Psychometric and Aptitude Tests
Most consultancies use psychometric tests comprising any arrangement of numeracy, verbal reasoning, diagrammatic reasoning, data matrix, number sequence, and personality tests. The most common set-up is numeracy test followed by verbal reasoning.
For practice, take a look at the following:
These tend to comprise 20-25 questions in 20-25 mins. Therefore those astute mathematicians will have reasoned 1 min per question. Some will take more time than others but on average this is the speed you should aim for. The questions will involve reading information from graphs and tables in order to calculate values by working out %’s and % increases and decreases; ratios and currency conversions (which are a favourite for many). The links above should provide you with ample information and practice.
Here are some basic formulae you might want to revise:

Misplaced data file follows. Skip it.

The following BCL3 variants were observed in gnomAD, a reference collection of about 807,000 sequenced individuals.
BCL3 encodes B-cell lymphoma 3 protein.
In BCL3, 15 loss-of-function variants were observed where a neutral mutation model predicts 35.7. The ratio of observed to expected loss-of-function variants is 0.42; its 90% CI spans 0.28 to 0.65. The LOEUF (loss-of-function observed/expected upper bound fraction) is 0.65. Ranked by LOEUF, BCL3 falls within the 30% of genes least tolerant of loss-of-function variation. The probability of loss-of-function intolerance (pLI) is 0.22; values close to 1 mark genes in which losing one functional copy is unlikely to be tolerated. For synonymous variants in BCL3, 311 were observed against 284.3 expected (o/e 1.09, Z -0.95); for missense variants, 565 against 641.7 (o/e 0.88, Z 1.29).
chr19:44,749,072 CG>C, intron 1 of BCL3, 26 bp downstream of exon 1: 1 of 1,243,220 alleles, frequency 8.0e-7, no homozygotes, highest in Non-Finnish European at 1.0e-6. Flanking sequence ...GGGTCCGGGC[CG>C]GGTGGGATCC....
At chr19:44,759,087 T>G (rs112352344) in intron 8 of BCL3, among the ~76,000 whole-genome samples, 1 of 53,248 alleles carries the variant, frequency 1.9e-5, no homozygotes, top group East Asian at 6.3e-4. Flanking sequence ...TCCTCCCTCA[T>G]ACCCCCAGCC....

It’s all GCSE stuff. But you just need to get used to the style of the questions so that you can quickly identify what it’s asking you to do and therefore what calculations you need to complete. Practice will get your mind in the right gear. Just knowing the formulae is not enough, you need to get used to the style and format. Once you do, you’ll realise, all the questions are pretty much the same, just with different labels and figures.
With the Verbal tests, you should aim to read the paragraph of information quickly and aim to take in the main points made. Next, read the statement and read the paragraph in greater detail to understand if the assertion is proved, contradicted or left open. You may find yourself reading the paragraph over 2-3 times. This is fine and often necessary as there may be 2-3 statements that you will have to judge per paragraph.
The questions will tend to be presented thus:
The answer to the above is ‘Cannot Say’. The statement is not necessarily ‘false’ because the paragraph does not contradict what is asserted and it cannot be said to be ‘true’ because the paragraph only indicates that the travel industry has been hit hard and hotels are looking to actively attract business travellers now. Therefore, the statement that ‘more business travellers than ever before are staying in hotels’ could very well be true or false. The paragraph does not provide enough information to come down on one side or the other conclusively.
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